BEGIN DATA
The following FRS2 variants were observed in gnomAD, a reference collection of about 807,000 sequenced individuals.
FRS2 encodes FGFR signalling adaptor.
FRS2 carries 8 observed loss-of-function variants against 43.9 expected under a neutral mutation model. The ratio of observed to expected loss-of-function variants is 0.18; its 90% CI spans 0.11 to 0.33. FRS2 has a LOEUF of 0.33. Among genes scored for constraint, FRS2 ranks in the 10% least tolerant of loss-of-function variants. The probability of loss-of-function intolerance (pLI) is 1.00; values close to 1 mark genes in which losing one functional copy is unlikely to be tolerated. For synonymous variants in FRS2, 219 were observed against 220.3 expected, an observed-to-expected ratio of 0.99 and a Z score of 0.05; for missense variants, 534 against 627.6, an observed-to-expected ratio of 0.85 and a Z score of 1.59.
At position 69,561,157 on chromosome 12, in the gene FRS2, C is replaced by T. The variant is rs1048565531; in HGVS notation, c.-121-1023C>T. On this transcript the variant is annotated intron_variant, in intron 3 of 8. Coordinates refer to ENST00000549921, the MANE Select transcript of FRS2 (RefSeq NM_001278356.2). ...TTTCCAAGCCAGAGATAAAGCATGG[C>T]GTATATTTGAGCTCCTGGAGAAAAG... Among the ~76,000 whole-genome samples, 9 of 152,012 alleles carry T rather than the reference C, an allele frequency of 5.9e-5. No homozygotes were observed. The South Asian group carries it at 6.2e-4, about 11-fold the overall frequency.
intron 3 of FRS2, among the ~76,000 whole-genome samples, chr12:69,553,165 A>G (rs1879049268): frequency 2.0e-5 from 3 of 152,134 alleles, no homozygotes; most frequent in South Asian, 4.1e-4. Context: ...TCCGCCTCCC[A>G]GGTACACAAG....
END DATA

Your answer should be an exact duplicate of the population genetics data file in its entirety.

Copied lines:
The following FRS2 variants were observed in gnomAD, a reference collection of about 807,000 sequenced individuals.
FRS2 encodes FGFR signalling adaptor.
FRS2 carries 8 observed loss-of-function variants against 43.9 expected under a neutral mutation model. The ratio of observed to expected loss-of-function variants is 0.18; its 90% CI spans 0.11 to 0.33. FRS2 has a LOEUF of 0.33. Among genes scored for constraint, FRS2 ranks in the 10% least tolerant of loss-of-function variants. The probability of loss-of-function intolerance (pLI) is 1.00; values close to 1 mark genes in which losing one functional copy is unlikely to be tolerated. For synonymous variants in FRS2, 219 were observed against 220.3 expected, an observed-to-expected ratio of 0.99 and a Z score of 0.05; for missense variants, 534 against 627.6, an observed-to-expected ratio of 0.85 and a Z score of 1.59.
At position 69,561,157 on chromosome 12, in the gene FRS2, C is replaced by T. The variant is rs1048565531; in HGVS notation, c.-121-1023C>T. On this transcript the variant is annotated intron_variant, in intron 3 of 8. Coordinates refer to ENST00000549921, the MANE Select transcript of FRS2 (RefSeq NM_001278356.2). ...TTTCCAAGCCAGAGATAAAGCATGG[C>T]GTATATTTGAGCTCCTGGAGAAAAG... Among the ~76,000 whole-genome samples, 9 of 152,012 alleles carry T rather than the reference C, an allele frequency of 5.9e-5. No homozygotes were observed. The South Asian group carries it at 6.2e-4, about 11-fold the overall frequency.
intron 3 of FRS2, among the ~76,000 whole-genome samples, chr12:69,553,165 A>G (rs1879049268): frequency 2.0e-5 from 3 of 152,134 alleles, no homozygotes; most frequent in South Asian, 4.1e-4. Context: ...TCCGCCTCCC[A>G]GGTACACAAG....